- $1.6 Trillion Hit to World Economy
- Inflation Indicators You Didn’t Know About
- How to Slay Stagflation
- UK Is About to Become Stagflation Nation
- U.S. Aims to Cripple Russian Oil Industryy
- Amateur Investors Rode the Bull Ups
- Investors Protest Executive Pay a
- SoftBank-Backed Fintech Giant Klarna
- Target, Walmart Earnings Selloff
- Inflation Eating Into Profits
- Baby-Formula Shortage
- Cathie Wood Has a Simple Response
- Grubhub Offered Free Lunches
- There’s a New Media Mogul Tearing Up Hollywood
Investors were already nervous after Walmart (WMT) raised the earnings alarm on Tuesday, but those fears were compounded yesterday as Target (TGT) upped the threat level by a few notches. Shares of the discount chain slumped 25% as Q1 results came in far from the bullseye, hammering the entire retail sector from Costco (COST) and Dollar Tree (DLTR) to merchandise haulers like Saia (SAIA) and Old Dominion Freight Line (ODFL). Things then spiraled into a broad market selloff, with the Dow Jones plunging almost 1,200 points, and the S&P 500 and tech-heavy Nasdaq tumbling 4% and 4.7%, respectively.
What happened? The big earnings miss (and halving of profits) at Target was driven by a shift away from higher-margin goods such as kitchen appliances and TVs to basics like food and toiletries. Margins felt pressure from the consumer pullback as shoppers got selective about spending on goods. In fact, operating margins were reported to be 5.3% during the quarter, falling heavily from the 9.8% seen in same period last year and below the company's long-term goal of 8%.
Elevated fuel and freight costs also dented profits, with expenditures on those items now forecast to be "$1B higher this year" than Target management had previously estimated. Not expecting the swift change in consumer sentiment, the company further stocked up on too many discretionary categories, leading to a higher level of markdowns as quarterly inventory grew 43% Y/Y. "We did not anticipate the rapid shifts we've seen over the last 60 days," CEO Brian Cornell declared, adding that Target would "have some of the same challenges in the second quarter" as it continues to set prices based on "value and affordability."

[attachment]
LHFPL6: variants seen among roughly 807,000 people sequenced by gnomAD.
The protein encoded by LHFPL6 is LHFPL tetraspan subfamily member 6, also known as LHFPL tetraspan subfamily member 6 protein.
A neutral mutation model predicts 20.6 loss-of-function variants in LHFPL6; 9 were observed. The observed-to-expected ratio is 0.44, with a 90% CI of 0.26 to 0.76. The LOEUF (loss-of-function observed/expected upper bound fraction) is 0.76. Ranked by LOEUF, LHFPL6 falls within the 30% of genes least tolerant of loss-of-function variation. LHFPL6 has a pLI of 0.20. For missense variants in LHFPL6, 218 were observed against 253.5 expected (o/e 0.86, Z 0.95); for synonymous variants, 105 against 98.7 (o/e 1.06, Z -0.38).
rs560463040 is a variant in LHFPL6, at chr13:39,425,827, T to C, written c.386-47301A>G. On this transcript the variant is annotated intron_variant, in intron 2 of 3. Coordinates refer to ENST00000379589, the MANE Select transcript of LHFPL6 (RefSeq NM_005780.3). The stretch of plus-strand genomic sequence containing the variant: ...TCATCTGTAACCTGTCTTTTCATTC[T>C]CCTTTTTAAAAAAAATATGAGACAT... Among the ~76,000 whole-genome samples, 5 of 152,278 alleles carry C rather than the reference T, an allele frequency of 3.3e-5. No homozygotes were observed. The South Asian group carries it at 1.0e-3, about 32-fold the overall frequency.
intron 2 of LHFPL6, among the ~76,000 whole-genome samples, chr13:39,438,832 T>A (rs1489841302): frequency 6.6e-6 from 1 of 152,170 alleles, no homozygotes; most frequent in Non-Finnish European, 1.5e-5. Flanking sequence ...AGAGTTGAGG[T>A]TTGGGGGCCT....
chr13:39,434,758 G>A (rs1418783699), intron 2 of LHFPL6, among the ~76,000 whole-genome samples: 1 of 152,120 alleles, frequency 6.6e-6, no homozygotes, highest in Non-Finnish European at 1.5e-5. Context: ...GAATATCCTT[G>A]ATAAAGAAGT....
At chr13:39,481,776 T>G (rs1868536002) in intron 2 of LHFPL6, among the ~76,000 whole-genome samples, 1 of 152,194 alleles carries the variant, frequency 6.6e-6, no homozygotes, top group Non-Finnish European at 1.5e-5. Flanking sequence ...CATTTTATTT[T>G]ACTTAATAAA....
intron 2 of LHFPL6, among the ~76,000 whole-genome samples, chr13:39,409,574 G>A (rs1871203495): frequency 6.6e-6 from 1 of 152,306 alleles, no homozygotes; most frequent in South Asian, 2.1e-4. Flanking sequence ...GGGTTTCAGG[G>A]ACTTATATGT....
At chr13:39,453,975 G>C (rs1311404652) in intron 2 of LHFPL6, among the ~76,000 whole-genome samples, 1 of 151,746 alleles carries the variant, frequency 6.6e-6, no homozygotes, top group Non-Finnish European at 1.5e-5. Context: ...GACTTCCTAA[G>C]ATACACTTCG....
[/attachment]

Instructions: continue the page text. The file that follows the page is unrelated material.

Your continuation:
Inflation nation: "Retailers are starting to reveal the impact of eroding consumer purchasing power," explained Paul Christopher, head of global market strategy at Wells Fargo Investment Institute, which has predicted a recession around year-end into early 2023. "The consumer's ability to spend is eroding at a faster pace than it was a month or two ago. We think that pace is going to accelerate further." (163 comments)
The market selloff (or bubble) is showing no sign of abating (or deflating) as U.S. stock index futures continue to stumble. Contracts linked to the Dow (DJI) and S&P 500 (SP500) fell another 1.6% overnight, while the Nasdaq (COMP.IND) slid an additional 2%. Worries are particularly intensifying with the S&P 500 benchmark index on the brink of a bear market, down more than 18% from the all-time high reached last November.
Commentary: "The other day we were down 19.9 on the S&P and about 27 on the Nasdaq," legendary fund manager Jeremy Grantham told CNBC. "I would say that at minimum we are likely to do twice that and if we are unlucky, which is quite possible, we will do three legs like that and it may take a couple of years, as it did 2000. This bubble superficially looks very much like 2000, focused on U.S. tech, led by Nasdaq going to incredible highs."